Position – Full sun in a spot sheltered from the wind. Limes do not tolerate cold temperatures and will not thrive in places that dip to -10 Celsius or below. If your garden is exposed to very cold conditions, plant your lime tree in a pot that can be moved indoors
.Size – A full-grown lime tree can be 5 mts tall and 5 mts wide. A seedling will take between 3 and 6 years to begin to bear fruit and reaches production at 8 to 10 years old.
Soil Type – Lime trees thrive in warm, moist soil enriched with nutrients; whether in a pot or the garden. However, the soil needs to have excellent drainage, as any residual moisture will threaten the survival of your tree. Pack the soil firmly around the roots when planting. The air around the roots will be detrimental to your plant.
Mulch – Citrus trees generally do well with an organic mulch that keeps the soil pH optimal and retains moisture. Use materials like pine needles, leaves, straw, or bark. It’s best to replace the mulch each time rather than turning it into the soil (as this may disturb or damage the roots).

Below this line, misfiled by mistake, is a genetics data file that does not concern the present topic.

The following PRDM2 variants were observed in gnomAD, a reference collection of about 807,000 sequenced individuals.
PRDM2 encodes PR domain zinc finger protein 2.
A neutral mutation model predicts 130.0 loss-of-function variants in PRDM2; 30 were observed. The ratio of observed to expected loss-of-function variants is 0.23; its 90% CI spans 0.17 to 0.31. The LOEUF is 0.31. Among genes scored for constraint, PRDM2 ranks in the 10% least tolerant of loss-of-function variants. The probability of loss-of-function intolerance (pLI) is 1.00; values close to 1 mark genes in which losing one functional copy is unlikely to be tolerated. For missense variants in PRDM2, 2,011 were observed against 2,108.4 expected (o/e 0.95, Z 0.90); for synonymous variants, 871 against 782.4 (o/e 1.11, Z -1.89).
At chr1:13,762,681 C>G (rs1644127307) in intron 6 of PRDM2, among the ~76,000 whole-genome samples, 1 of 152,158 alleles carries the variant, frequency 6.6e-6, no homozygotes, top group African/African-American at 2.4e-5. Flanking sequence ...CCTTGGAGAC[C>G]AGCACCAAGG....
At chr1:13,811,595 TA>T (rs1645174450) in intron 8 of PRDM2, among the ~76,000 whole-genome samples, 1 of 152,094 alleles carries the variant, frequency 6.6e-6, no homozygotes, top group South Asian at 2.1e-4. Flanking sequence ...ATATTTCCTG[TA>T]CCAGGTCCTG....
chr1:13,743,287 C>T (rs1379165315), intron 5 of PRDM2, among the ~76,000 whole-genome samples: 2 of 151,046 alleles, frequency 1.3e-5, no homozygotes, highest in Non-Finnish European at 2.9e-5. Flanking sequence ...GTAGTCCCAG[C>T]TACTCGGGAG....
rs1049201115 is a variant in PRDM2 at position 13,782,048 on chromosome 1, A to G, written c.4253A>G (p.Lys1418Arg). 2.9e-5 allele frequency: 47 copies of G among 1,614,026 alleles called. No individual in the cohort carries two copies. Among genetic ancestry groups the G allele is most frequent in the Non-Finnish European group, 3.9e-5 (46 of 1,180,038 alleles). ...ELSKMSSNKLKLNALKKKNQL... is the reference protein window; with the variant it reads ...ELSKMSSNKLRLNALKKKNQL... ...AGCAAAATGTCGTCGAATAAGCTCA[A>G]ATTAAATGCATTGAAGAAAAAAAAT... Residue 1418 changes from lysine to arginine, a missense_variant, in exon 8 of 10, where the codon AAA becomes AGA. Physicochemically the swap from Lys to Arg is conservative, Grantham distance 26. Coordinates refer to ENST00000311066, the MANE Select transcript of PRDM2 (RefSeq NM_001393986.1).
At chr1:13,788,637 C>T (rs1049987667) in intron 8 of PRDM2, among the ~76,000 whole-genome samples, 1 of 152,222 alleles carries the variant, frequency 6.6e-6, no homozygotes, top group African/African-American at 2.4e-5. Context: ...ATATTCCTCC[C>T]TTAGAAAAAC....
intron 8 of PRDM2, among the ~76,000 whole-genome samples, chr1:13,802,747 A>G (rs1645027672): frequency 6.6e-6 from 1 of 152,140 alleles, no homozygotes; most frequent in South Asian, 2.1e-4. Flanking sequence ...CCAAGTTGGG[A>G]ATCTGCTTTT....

Watering – Water your lime tree frequently but conservatively. The trees do better with regular sprinklings than with heavy soaking.
Fertilising – The lime trees feed quite heavily on the soil around them, quickly depleting its natural nutrient content. So, fertilise them regularly with compost or a high-nitrogen fertiliser (especially in spring and summer).
Pruning – Lime trees are easy to care for because they don’t require much pruning. However, it’s wise to prune them at least once every year or two for optimal conditions. Pruning helps to prevent disease, strengthen the limbs and produce better, healthier fruits.
Harvesting – Your lime tree will likely produce fruit during summer, but some produce all year round. Pick the delicious limes when they are vibrant green and juicy. Once they have turned yellow and wrinkled, they are over-ripe and will taste bitter.